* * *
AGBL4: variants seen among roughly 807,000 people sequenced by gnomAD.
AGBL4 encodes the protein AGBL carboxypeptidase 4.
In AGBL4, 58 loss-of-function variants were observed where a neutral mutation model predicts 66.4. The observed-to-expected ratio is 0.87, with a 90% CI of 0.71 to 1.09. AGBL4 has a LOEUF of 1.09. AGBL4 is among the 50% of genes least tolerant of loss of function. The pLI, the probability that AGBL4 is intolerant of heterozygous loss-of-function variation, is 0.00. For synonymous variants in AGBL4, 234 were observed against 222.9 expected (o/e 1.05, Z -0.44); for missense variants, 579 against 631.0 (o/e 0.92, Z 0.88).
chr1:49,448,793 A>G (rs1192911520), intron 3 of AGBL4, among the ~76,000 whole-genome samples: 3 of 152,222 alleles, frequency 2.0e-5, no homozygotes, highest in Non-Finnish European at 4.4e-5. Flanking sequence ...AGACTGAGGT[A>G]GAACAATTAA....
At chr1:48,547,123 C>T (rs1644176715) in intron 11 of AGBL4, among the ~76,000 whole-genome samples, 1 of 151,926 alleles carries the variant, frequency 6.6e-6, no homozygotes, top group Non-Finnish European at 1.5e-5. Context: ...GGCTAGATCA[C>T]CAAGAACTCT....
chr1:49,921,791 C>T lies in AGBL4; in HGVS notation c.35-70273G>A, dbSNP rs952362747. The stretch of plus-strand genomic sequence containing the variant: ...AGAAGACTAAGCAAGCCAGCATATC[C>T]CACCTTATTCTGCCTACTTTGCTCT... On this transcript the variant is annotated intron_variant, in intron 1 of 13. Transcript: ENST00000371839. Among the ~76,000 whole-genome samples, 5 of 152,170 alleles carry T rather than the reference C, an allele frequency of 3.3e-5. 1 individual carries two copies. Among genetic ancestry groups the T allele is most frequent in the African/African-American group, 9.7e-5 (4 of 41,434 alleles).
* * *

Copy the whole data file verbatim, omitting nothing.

AGBL4: variants seen among roughly 807,000 people sequenced by gnomAD.
AGBL4 encodes the protein AGBL carboxypeptidase 4.
In AGBL4, 58 loss-of-function variants were observed where a neutral mutation model predicts 66.4. The observed-to-expected ratio is 0.87, with a 90% CI of 0.71 to 1.09. AGBL4 has a LOEUF of 1.09. AGBL4 is among the 50% of genes least tolerant of loss of function. The pLI, the probability that AGBL4 is intolerant of heterozygous loss-of-function variation, is 0.00. For synonymous variants in AGBL4, 234 were observed against 222.9 expected (o/e 1.05, Z -0.44); for missense variants, 579 against 631.0 (o/e 0.92, Z 0.88).
chr1:49,448,793 A>G (rs1192911520), intron 3 of AGBL4, among the ~76,000 whole-genome samples: 3 of 152,222 alleles, frequency 2.0e-5, no homozygotes, highest in Non-Finnish European at 4.4e-5. Flanking sequence ...AGACTGAGGT[A>G]GAACAATTAA....
At chr1:48,547,123 C>T (rs1644176715) in intron 11 of AGBL4, among the ~76,000 whole-genome samples, 1 of 151,926 alleles carries the variant, frequency 6.6e-6, no homozygotes, top group Non-Finnish European at 1.5e-5. Context: ...GGCTAGATCA[C>T]CAAGAACTCT....
chr1:49,921,791 C>T lies in AGBL4; in HGVS notation c.35-70273G>A, dbSNP rs952362747. The stretch of plus-strand genomic sequence containing the variant: ...AGAAGACTAAGCAAGCCAGCATATC[C>T]CACCTTATTCTGCCTACTTTGCTCT... On this transcript the variant is annotated intron_variant, in intron 1 of 13. Transcript: ENST00000371839. Among the ~76,000 whole-genome samples, 5 of 152,170 alleles carry T rather than the reference C, an allele frequency of 3.3e-5. 1 individual carries two copies. Among genetic ancestry groups the T allele is most frequent in the African/African-American group, 9.7e-5 (4 of 41,434 alleles).